How a New Jersey public works department solved its salt storage problem
Tina Grady Barbaccia | August 25, 2010
It’s no secret that proper road salt and sand storage is crucial to municipalities and businesses during the winter season, but it still remains a perennial problem.
The Township of Wayne, N.J.’s Public Works Department addressed this issue and found a way to safely and efficiently store its road salt, just in time for this past year’s severe winter weather.
“Winter weather in New Jersey can coat the roads with anything from snow to sleet and freezing rain, creating slippery conditions that require layers of road salt,” Public Works Director George Holzapfel says.
Since the state of New Jersey mandates that all road salt be kept in an enclosed area, a proper storage facility is crucial for road crews. Wayne Township’s Department of Public Works was storing its road salt on an asphalt pad, covered with a large tarp — a practice was not only inconvenient in severe weather, but also sometimes hazardous, Holzapel points out.
“The tarp had to be removed for access before, or sometimes during, snow or ice events, neither of which was a pleasure for the employees,” Holzapfel said. “During non-winter periods winds often blew the tarps off, which then had to be reinstalled. Handling large tarps in windy conditions had to be undertaken with extreme caution…again, a task no one liked,” he added.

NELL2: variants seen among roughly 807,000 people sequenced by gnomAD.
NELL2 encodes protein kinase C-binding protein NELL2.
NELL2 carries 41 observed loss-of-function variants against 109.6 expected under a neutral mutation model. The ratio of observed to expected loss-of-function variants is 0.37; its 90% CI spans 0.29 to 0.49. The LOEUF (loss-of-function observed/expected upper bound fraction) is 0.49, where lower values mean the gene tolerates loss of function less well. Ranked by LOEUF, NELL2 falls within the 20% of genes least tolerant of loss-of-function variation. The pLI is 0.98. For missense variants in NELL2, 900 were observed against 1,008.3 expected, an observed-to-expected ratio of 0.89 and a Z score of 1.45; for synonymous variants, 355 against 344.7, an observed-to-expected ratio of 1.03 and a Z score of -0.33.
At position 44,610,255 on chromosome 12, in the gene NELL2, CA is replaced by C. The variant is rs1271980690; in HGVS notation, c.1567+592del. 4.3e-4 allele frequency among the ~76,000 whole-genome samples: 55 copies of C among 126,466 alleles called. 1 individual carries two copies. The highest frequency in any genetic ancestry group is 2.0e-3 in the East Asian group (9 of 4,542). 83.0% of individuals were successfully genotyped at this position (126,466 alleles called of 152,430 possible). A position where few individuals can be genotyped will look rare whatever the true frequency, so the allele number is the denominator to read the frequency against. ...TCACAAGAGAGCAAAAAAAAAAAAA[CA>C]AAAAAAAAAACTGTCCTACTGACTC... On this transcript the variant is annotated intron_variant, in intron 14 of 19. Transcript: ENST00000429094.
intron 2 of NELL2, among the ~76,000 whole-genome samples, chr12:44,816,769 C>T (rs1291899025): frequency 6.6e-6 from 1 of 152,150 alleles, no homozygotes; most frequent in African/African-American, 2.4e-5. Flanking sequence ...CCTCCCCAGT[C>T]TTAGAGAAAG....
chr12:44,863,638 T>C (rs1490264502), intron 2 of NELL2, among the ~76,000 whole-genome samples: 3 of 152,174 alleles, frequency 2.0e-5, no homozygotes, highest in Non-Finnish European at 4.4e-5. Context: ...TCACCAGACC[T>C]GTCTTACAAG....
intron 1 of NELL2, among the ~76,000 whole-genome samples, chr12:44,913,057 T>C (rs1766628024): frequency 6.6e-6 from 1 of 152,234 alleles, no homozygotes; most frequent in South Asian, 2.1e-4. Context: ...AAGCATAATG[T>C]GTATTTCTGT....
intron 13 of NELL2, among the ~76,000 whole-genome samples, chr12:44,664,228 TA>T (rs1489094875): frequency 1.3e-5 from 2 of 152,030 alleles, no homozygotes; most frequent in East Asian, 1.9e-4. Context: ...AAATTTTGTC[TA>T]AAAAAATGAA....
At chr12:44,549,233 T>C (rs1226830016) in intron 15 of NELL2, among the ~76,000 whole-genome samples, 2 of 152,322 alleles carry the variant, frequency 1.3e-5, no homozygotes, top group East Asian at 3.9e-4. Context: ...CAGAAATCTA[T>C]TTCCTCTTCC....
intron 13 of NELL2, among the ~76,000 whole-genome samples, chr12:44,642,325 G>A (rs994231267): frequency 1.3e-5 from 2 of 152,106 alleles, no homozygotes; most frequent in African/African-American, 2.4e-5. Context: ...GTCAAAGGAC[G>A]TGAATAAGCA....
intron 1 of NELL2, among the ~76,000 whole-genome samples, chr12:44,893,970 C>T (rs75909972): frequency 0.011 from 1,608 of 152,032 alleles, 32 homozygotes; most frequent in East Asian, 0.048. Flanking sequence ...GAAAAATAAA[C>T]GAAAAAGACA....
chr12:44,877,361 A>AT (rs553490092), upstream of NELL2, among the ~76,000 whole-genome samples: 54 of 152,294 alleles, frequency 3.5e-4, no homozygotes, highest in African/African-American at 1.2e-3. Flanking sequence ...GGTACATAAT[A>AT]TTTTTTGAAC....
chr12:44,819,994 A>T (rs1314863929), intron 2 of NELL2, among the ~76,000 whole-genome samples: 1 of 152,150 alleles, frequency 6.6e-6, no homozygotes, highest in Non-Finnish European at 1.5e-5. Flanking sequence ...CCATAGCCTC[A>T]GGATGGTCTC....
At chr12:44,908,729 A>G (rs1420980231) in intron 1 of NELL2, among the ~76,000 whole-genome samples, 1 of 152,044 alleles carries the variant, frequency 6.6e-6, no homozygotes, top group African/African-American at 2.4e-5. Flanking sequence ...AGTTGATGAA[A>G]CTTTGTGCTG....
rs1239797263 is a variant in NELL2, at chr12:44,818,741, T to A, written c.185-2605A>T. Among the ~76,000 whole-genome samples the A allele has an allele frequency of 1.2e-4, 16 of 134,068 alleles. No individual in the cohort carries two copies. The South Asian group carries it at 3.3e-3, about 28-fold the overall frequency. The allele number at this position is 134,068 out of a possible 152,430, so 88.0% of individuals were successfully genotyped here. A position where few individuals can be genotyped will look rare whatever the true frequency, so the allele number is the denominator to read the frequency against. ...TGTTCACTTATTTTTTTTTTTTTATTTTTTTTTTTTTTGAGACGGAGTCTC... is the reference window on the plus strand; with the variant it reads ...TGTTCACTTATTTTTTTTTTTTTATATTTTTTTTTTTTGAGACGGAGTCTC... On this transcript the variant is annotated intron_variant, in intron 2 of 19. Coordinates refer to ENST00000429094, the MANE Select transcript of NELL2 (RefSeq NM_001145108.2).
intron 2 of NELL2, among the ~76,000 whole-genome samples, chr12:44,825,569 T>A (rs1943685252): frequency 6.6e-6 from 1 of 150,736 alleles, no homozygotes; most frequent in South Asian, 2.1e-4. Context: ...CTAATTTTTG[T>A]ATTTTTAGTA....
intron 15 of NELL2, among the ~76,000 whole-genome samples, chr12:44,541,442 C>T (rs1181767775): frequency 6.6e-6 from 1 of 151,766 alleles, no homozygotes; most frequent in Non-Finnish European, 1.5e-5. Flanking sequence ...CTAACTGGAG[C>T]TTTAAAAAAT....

Holzapfel began looking for a more efficient, yet cost-effective solution to comply with the mandate. After a bit of research, he decided on a ClearSpan Hercules Truss Arch Building. Holzapel says the quick, easy construction and low cost of the 65- by 100-foot building made it the best option.
“An overriding factor was foundation requirements,” Holzapfel said. “The site had clay layers and refuse which would have required deep spread footings or piles to support a traditional structure, substantially increasing costs. The ClearSpan system was essentially placed on an asphalt pad.”
The building’s construction took only a few weeks and meets all of the department’s needs.
“It is well received,” Holzapfel said. “Material stored is safe from the elements, and access for trucks and equipment is excellent.” The building is working so well that they have already constructed a smaller ClearSpan structure to store truck tires, and are considering another facility to increase their winter salt storage and possibly store vehicles the rest of the year.”
Article and photos were contributed by ClearSpan